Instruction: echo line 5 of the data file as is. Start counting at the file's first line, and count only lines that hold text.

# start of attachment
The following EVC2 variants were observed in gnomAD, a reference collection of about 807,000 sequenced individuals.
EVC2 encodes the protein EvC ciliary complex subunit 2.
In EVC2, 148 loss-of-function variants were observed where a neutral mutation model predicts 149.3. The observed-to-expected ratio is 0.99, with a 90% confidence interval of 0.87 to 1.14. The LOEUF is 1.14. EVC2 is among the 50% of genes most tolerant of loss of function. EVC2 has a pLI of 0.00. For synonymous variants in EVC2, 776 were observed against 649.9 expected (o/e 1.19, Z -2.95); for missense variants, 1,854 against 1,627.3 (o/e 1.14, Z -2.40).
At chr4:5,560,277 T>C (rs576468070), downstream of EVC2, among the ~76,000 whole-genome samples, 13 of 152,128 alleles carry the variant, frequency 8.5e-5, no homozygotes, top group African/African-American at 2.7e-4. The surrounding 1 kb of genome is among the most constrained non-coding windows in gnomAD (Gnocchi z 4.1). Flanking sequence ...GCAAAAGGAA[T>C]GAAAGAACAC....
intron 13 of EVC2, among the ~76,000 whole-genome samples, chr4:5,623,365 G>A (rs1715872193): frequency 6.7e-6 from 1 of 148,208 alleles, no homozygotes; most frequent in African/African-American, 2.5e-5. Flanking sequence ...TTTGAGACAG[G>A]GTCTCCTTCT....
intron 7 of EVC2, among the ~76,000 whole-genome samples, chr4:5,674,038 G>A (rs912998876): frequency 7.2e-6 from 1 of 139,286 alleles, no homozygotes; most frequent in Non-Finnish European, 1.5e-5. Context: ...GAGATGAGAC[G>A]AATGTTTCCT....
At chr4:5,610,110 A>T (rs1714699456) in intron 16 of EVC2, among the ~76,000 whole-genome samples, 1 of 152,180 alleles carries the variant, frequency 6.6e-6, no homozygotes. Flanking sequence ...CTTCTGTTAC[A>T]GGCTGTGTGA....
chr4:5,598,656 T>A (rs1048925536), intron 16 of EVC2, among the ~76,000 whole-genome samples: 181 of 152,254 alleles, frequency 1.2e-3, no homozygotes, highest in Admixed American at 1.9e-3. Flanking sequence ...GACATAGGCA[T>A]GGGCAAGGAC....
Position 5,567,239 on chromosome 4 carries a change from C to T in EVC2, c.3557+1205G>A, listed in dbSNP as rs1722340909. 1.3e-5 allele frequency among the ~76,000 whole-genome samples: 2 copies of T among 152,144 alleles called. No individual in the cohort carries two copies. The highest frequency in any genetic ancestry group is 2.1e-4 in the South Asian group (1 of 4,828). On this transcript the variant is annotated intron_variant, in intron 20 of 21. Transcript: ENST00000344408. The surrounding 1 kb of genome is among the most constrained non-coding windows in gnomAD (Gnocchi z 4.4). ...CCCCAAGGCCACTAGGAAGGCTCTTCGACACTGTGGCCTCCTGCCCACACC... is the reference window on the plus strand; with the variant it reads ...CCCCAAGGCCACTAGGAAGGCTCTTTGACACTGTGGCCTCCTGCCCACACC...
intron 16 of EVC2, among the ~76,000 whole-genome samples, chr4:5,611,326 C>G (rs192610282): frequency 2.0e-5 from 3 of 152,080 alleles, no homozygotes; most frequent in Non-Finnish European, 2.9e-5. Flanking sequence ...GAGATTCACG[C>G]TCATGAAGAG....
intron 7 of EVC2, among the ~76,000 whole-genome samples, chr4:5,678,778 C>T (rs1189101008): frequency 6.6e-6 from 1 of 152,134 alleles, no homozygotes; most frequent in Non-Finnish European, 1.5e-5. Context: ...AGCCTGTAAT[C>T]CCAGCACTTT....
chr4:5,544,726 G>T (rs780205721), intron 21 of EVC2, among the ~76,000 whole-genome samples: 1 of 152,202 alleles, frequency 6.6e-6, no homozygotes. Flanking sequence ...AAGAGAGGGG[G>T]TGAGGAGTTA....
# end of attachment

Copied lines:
intron 13 of EVC2, among the ~76,000 whole-genome samples, chr4:5,623,365 G>A (rs1715872193): frequency 6.7e-6 from 1 of 148,208 alleles, no homozygotes; most frequent in African/African-American, 2.5e-5. Flanking sequence ...TTTGAGACAG[G>A]GTCTCCTTCT....